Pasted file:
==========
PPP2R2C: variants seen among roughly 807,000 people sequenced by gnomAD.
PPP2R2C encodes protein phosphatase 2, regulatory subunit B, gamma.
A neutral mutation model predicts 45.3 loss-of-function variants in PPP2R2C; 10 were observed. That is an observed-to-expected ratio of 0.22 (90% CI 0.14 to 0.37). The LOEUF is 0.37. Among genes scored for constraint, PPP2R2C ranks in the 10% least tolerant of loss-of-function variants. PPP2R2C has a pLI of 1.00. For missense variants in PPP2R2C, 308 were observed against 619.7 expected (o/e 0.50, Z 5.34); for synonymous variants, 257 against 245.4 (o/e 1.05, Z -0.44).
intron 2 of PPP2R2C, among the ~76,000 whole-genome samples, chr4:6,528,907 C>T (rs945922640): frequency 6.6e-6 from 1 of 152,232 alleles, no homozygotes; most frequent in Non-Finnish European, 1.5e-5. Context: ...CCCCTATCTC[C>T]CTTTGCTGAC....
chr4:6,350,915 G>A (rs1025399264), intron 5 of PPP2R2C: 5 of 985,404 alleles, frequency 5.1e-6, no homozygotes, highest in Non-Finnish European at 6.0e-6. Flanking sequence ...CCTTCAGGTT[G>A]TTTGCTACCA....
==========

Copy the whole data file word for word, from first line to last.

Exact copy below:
PPP2R2C: variants seen among roughly 807,000 people sequenced by gnomAD.
PPP2R2C encodes protein phosphatase 2, regulatory subunit B, gamma.
A neutral mutation model predicts 45.3 loss-of-function variants in PPP2R2C; 10 were observed. That is an observed-to-expected ratio of 0.22 (90% CI 0.14 to 0.37). The LOEUF is 0.37. Among genes scored for constraint, PPP2R2C ranks in the 10% least tolerant of loss-of-function variants. PPP2R2C has a pLI of 1.00. For missense variants in PPP2R2C, 308 were observed against 619.7 expected (o/e 0.50, Z 5.34); for synonymous variants, 257 against 245.4 (o/e 1.05, Z -0.44).
intron 2 of PPP2R2C, among the ~76,000 whole-genome samples, chr4:6,528,907 C>T (rs945922640): frequency 6.6e-6 from 1 of 152,232 alleles, no homozygotes; most frequent in Non-Finnish European, 1.5e-5. Context: ...CCCCTATCTC[C>T]CTTTGCTGAC....
chr4:6,350,915 G>A (rs1025399264), intron 5 of PPP2R2C: 5 of 985,404 alleles, frequency 5.1e-6, no homozygotes, highest in Non-Finnish European at 6.0e-6. Flanking sequence ...CCTTCAGGTT[G>A]TTTGCTACCA....